Wrapping A Museum

Wrapping and unwrapping season is now far behind but we are still thinking how architecture wraps and unwraps needs, atmospheres, volumes and shadows. Although there’s a myriad of projects, most of them are organised in boxes standing next to each other, forming straight streets. We are daily confronted with solid parallelepipeds that accommodate our daily life so our approach to them is instinctive, we simply go through the door and expect to find our way by recognizing the same pattern of spaces. We can easily identify the façades, the roof and the openings of a building without having to acknowledge its whole shape: we just assume all buildings work the same way.

Something as impalpable as a droplet of water at the moment of landing is what mimics the Teshima Art Museum. By the means of architecture, it becomes tangible and accessible, just as by the means of architecture art becomes tangible and accessible.

The box shape is not only user’s comfort zone, it is the architect’s comfort zone as well. However, when it comes to museums, architects seem to have carte blanche to make a wrapping statement. Often disparagingly referencing at them as “objects” instead of buildings, museums receive harsh criticisms for being out of the box. Yet hey shouldn’t be judge for their capacity to blend in but for standing out and stimulating our perception of the space in order to act as a prelude for what it contains. The way the building unfolds must be an invitation to engage with culture and prepare us to open our minds.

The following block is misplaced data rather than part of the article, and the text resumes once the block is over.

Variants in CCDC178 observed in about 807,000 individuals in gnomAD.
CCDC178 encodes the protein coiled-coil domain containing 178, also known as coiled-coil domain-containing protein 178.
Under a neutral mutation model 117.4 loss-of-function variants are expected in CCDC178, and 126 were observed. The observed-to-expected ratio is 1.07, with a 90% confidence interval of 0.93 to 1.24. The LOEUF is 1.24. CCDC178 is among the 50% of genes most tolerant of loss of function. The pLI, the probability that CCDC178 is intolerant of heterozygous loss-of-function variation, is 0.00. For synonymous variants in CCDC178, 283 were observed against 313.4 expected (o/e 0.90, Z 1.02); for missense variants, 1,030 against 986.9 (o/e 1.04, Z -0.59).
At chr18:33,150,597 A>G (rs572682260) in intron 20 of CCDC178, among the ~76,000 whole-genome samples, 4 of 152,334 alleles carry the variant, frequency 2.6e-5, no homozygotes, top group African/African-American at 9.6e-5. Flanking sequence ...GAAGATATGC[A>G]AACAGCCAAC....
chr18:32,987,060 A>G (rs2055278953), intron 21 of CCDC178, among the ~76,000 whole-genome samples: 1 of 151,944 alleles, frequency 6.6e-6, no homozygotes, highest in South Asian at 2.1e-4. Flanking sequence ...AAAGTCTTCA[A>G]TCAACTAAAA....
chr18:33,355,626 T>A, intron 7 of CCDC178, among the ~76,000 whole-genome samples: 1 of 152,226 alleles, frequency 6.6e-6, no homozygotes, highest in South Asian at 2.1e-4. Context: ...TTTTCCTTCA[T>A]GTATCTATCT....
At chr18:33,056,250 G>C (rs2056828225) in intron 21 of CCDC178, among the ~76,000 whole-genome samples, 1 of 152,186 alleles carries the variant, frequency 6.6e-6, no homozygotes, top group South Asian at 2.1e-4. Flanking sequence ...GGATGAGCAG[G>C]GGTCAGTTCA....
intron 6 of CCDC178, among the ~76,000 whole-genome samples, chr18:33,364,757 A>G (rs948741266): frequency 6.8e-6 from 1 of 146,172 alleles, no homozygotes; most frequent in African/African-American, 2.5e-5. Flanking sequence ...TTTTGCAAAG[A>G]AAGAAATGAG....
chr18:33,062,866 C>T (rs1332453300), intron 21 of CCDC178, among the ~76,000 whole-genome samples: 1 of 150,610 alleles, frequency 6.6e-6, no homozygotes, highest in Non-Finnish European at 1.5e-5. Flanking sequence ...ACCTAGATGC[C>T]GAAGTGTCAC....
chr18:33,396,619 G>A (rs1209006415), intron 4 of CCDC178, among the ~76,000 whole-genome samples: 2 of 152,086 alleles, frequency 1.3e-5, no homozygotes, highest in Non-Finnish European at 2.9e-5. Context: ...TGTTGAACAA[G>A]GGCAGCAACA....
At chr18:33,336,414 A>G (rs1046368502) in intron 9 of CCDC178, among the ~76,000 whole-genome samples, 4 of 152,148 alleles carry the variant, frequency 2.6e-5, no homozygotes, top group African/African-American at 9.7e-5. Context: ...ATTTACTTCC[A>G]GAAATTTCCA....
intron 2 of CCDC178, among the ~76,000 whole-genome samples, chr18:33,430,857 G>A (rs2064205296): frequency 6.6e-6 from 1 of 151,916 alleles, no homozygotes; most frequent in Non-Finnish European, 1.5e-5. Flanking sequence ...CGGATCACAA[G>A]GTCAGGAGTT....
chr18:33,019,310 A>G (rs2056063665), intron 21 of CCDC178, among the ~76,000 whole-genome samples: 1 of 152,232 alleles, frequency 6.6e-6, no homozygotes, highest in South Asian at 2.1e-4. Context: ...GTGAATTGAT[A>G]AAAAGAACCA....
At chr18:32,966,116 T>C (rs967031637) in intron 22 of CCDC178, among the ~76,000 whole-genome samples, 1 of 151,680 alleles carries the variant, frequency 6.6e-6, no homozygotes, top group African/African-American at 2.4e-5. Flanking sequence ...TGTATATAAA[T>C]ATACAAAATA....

The Zinc Mine Museum aims to honor the industrial heritage of the Allmannajuvet mines. Not only the materials are a reminder of the activity that used to take place, but comprehensibly displaying the structure and the core brings to mind the extractions of the site.

When a building is presented in an unusual shape, our motion is suddenly challenged and it’s not anymore about only moving our gravity centre towards it but about finding the way to unveil it. Having the need to approach it is definitely the feeling a museum should give us at first glance. The Teshima Museum by Ryue Nishizawa, the Zinc Mine Museum by Peter Zumthor or the Guggenheim by Frank Lloyd Wright are examples of museums that are exciting to experience, perceiving them quickly make us want to see what’s behind.

The Guggenheim museum was designed to be an inverted ziggurat opened to the sky. Its perimetral ramp is meant to form a unity with the work displayed so the visitor can drift from the top to the bottom.

Museums besides having a good insertion to the site or fulfilling all its program requirements, have to be an attractive spatial experience. Just as the excitement of unwrapping a present, a building that hosts culture needs to catch attention and be reachable at the same time, the perfect combination to let the knowledge be spread.   


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